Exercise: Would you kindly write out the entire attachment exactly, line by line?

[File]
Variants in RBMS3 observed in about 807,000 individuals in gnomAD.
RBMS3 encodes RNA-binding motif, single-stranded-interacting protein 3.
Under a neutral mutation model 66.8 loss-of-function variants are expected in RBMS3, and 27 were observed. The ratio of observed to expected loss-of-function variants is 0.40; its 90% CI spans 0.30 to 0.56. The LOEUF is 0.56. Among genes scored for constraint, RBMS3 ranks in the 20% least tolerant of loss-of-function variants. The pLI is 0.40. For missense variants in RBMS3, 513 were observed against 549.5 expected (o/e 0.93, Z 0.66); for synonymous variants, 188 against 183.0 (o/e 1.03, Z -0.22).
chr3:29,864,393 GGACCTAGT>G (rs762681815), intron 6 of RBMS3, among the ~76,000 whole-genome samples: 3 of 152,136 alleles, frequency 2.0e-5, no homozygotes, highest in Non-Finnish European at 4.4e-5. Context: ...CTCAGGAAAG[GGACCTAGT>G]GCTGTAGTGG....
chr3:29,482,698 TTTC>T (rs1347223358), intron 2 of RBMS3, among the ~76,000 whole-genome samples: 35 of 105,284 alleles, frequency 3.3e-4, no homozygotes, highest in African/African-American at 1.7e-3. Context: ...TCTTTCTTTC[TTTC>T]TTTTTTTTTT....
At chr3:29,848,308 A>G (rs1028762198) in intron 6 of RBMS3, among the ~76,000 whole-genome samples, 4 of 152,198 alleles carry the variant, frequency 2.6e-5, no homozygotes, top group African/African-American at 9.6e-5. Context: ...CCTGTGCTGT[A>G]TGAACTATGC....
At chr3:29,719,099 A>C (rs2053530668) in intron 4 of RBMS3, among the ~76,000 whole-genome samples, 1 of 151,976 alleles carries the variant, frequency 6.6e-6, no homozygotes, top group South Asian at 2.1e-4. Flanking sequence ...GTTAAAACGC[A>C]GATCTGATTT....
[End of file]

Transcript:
Variants in RBMS3 observed in about 807,000 individuals in gnomAD.
RBMS3 encodes RNA-binding motif, single-stranded-interacting protein 3.
Under a neutral mutation model 66.8 loss-of-function variants are expected in RBMS3, and 27 were observed. The ratio of observed to expected loss-of-function variants is 0.40; its 90% CI spans 0.30 to 0.56. The LOEUF is 0.56. Among genes scored for constraint, RBMS3 ranks in the 20% least tolerant of loss-of-function variants. The pLI is 0.40. For missense variants in RBMS3, 513 were observed against 549.5 expected (o/e 0.93, Z 0.66); for synonymous variants, 188 against 183.0 (o/e 1.03, Z -0.22).
chr3:29,864,393 GGACCTAGT>G (rs762681815), intron 6 of RBMS3, among the ~76,000 whole-genome samples: 3 of 152,136 alleles, frequency 2.0e-5, no homozygotes, highest in Non-Finnish European at 4.4e-5. Context: ...CTCAGGAAAG[GGACCTAGT>G]GCTGTAGTGG....
chr3:29,482,698 TTTC>T (rs1347223358), intron 2 of RBMS3, among the ~76,000 whole-genome samples: 35 of 105,284 alleles, frequency 3.3e-4, no homozygotes, highest in African/African-American at 1.7e-3. Context: ...TCTTTCTTTC[TTTC>T]TTTTTTTTTT....
At chr3:29,848,308 A>G (rs1028762198) in intron 6 of RBMS3, among the ~76,000 whole-genome samples, 4 of 152,198 alleles carry the variant, frequency 2.6e-5, no homozygotes, top group African/African-American at 9.6e-5. Context: ...CCTGTGCTGT[A>G]TGAACTATGC....
At chr3:29,719,099 A>C (rs2053530668) in intron 4 of RBMS3, among the ~76,000 whole-genome samples, 1 of 151,976 alleles carries the variant, frequency 6.6e-6, no homozygotes, top group South Asian at 2.1e-4. Flanking sequence ...GTTAAAACGC[A>C]GATCTGATTT....